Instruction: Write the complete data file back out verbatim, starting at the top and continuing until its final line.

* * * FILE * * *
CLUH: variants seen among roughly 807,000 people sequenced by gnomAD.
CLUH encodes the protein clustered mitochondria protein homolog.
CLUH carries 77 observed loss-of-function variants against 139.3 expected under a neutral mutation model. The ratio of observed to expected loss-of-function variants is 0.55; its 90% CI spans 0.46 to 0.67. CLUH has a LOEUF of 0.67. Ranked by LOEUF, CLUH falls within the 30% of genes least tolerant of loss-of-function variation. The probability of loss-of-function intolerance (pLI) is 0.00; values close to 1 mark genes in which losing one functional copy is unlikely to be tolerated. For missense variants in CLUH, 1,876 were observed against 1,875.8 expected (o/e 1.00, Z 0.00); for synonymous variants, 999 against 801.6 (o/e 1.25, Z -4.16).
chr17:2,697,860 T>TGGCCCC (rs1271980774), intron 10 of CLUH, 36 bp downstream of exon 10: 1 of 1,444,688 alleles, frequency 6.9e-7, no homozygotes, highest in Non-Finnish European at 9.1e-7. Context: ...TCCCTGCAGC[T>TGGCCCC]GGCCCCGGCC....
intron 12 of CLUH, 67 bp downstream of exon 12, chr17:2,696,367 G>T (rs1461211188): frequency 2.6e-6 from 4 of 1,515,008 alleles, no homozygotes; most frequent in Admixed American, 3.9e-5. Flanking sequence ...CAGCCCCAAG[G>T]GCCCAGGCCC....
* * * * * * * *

CLUH: variants seen among roughly 807,000 people sequenced by gnomAD.
CLUH encodes the protein clustered mitochondria protein homolog.
CLUH carries 77 observed loss-of-function variants against 139.3 expected under a neutral mutation model. The ratio of observed to expected loss-of-function variants is 0.55; its 90% CI spans 0.46 to 0.67. CLUH has a LOEUF of 0.67. Ranked by LOEUF, CLUH falls within the 30% of genes least tolerant of loss-of-function variation. The probability of loss-of-function intolerance (pLI) is 0.00; values close to 1 mark genes in which losing one functional copy is unlikely to be tolerated. For missense variants in CLUH, 1,876 were observed against 1,875.8 expected (o/e 1.00, Z 0.00); for synonymous variants, 999 against 801.6 (o/e 1.25, Z -4.16).
chr17:2,697,860 T>TGGCCCC (rs1271980774), intron 10 of CLUH, 36 bp downstream of exon 10: 1 of 1,444,688 alleles, frequency 6.9e-7, no homozygotes, highest in Non-Finnish European at 9.1e-7. Context: ...TCCCTGCAGC[T>TGGCCCC]GGCCCCGGCC....
intron 12 of CLUH, 67 bp downstream of exon 12, chr17:2,696,367 G>T (rs1461211188): frequency 2.6e-6 from 4 of 1,515,008 alleles, no homozygotes; most frequent in Admixed American, 3.9e-5. Flanking sequence ...CAGCCCCAAG[G>T]GCCCAGGCCC....